Alicia is in her final year of a Bachelor of Education and will commence her Honours later this year. Alicia will share with us her experiences as a mother of a child with severe autism as well as her continued studies in inclusive practice with a focus on ASD.
Do you have a student with autism in your classroom? Are there challenging behaviours that you don’t quite understand? This workshop will assist you in developing a better understanding of autism and the impacts this disorder has on behaviour and learning as well as practical solutions that you can take back to your classroom.
We will discuss:
The characteristics of autism and how they affect the student’s abilities in communication, social relating, thinking and their sensory sensitivities and how this often relates to challenging behaviours.
Common behaviours that students with autism display and possible solutions for them. Remembering though, that sometimes these challenging behaviours are not clear and require some detective work to see why a behaviour is occurring. We will break down the elements of common behaviours to determine its purpose or function.
The differences between a meltdown (extreme emotional and/or behavioural response), and a temper tantrum (manipulative/looking for attention). Even though they display similar behaviours, it is important to distinguish between the two. By determining which one it is will change the way you intervene to help the student. They are easy to spot if you know what to look for.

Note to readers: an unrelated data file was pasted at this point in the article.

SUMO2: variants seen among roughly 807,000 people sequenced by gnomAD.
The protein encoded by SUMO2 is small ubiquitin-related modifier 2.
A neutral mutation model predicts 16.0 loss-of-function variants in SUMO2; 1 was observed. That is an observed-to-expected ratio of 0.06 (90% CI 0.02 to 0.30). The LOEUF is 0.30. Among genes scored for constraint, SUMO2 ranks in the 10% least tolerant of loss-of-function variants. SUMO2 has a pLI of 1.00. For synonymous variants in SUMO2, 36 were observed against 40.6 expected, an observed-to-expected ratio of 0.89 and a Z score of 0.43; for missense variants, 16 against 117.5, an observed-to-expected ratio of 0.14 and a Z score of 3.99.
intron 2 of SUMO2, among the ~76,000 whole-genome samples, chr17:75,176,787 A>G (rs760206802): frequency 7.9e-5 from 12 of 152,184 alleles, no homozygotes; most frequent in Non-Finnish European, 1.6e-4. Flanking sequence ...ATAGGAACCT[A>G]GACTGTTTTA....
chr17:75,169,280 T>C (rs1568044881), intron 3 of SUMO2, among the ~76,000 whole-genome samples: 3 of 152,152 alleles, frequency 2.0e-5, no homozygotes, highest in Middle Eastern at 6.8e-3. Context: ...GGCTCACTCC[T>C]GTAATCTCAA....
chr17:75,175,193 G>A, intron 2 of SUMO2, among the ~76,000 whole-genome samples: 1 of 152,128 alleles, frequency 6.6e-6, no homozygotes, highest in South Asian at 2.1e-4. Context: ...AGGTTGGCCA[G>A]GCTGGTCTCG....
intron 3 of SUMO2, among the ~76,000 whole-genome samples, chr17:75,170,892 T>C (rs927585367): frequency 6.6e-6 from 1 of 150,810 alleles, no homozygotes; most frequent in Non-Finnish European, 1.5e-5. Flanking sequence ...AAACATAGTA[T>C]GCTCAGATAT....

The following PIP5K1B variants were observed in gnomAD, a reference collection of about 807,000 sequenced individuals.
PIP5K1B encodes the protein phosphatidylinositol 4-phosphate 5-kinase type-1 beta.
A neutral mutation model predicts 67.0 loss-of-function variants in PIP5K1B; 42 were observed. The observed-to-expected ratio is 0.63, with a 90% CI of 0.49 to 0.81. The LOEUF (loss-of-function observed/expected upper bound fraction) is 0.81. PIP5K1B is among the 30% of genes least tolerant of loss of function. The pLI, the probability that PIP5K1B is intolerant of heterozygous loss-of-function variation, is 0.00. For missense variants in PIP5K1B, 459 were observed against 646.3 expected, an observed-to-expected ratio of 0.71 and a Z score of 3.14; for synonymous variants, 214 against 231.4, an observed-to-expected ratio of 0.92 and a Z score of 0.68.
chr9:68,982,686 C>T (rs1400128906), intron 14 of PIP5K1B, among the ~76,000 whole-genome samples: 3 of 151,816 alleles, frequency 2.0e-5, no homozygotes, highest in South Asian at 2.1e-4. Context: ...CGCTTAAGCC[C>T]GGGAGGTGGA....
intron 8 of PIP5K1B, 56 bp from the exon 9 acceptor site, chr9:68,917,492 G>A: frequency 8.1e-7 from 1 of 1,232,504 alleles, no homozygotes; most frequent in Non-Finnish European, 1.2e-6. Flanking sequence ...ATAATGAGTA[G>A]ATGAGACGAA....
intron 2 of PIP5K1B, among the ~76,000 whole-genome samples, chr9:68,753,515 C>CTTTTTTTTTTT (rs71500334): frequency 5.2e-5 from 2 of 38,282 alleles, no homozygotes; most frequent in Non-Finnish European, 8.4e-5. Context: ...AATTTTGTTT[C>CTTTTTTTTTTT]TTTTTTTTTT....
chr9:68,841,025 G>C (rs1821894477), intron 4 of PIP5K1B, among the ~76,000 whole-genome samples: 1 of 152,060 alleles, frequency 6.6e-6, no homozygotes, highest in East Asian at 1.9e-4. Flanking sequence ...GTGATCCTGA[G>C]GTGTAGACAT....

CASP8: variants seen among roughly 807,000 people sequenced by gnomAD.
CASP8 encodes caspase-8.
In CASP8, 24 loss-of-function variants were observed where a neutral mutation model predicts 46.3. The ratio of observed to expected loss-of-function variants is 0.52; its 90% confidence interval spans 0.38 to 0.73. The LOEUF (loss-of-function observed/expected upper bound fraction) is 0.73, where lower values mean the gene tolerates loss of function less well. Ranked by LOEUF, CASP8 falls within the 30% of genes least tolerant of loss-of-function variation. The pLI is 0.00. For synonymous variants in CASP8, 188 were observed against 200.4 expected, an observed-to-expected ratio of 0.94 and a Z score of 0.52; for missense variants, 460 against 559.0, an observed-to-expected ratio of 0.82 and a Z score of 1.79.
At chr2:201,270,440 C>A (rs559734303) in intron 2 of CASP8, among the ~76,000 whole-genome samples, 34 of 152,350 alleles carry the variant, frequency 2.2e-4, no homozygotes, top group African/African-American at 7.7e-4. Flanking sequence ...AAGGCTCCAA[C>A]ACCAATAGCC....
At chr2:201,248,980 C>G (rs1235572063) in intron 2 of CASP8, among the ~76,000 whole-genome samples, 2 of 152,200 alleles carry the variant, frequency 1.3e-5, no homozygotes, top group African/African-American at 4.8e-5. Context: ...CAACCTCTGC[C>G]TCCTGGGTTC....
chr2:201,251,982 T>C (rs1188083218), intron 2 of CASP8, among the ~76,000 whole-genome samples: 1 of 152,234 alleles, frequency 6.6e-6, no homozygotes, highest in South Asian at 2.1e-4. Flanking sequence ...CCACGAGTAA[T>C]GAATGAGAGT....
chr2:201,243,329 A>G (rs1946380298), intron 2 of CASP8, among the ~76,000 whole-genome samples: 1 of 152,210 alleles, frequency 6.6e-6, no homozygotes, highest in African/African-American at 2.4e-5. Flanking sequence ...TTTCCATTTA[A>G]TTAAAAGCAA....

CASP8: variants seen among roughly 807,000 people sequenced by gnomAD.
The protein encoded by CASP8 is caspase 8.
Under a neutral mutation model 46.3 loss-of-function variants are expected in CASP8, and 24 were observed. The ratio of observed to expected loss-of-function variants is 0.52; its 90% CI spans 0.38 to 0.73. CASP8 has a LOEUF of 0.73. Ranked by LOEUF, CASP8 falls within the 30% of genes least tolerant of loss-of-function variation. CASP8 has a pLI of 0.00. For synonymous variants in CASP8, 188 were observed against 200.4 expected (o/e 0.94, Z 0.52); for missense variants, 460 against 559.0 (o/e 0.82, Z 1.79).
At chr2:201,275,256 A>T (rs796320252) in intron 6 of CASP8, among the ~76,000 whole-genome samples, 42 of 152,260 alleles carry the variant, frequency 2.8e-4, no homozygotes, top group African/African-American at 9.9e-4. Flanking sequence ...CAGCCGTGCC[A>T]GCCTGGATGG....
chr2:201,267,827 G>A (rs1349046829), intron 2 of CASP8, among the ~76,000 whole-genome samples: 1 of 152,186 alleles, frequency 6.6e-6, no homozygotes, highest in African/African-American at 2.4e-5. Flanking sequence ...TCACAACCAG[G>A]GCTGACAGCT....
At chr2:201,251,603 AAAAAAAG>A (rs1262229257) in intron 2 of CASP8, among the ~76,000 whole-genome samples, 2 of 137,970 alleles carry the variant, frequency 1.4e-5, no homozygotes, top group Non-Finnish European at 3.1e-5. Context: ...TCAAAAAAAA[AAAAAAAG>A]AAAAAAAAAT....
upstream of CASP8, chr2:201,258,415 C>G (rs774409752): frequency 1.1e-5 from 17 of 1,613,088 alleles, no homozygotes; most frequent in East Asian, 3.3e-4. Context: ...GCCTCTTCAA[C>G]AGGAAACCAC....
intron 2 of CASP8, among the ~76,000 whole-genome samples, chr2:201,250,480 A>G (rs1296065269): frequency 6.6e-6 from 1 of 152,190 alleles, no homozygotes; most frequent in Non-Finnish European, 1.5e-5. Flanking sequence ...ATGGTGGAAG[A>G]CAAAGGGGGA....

Using visual supports to facilitate understanding. The majority of students with autism respond more appropriately when information is presented visually. Their different learning styles should be taken into consideration for a higher level of understanding to occur.
Explicitly teaching new skills and coping strategies that replace inappropriate behaviours. Strategies include teaching appropriate forms of communication, self control or avoidance.
Using positive and proactive strategies to prevent behaviours from occurring by setting up an autism friendly classroom and planning for success. We will also look at how to increase ‘good’ behaviours through positive reinforcement (not using punishment to reduce challenging behaviours) and become more proactive by anticipating potential issues and preventing them rather than reacting when things go wrong.
This workshop will be a great introduction to working with students on the autism spectrum and also a great opportunity to develop new and improved strategies. I look forward to seeing you on Feb. 3 '15 ... for more information on the other wonderful presenters visit the teachinclusive site.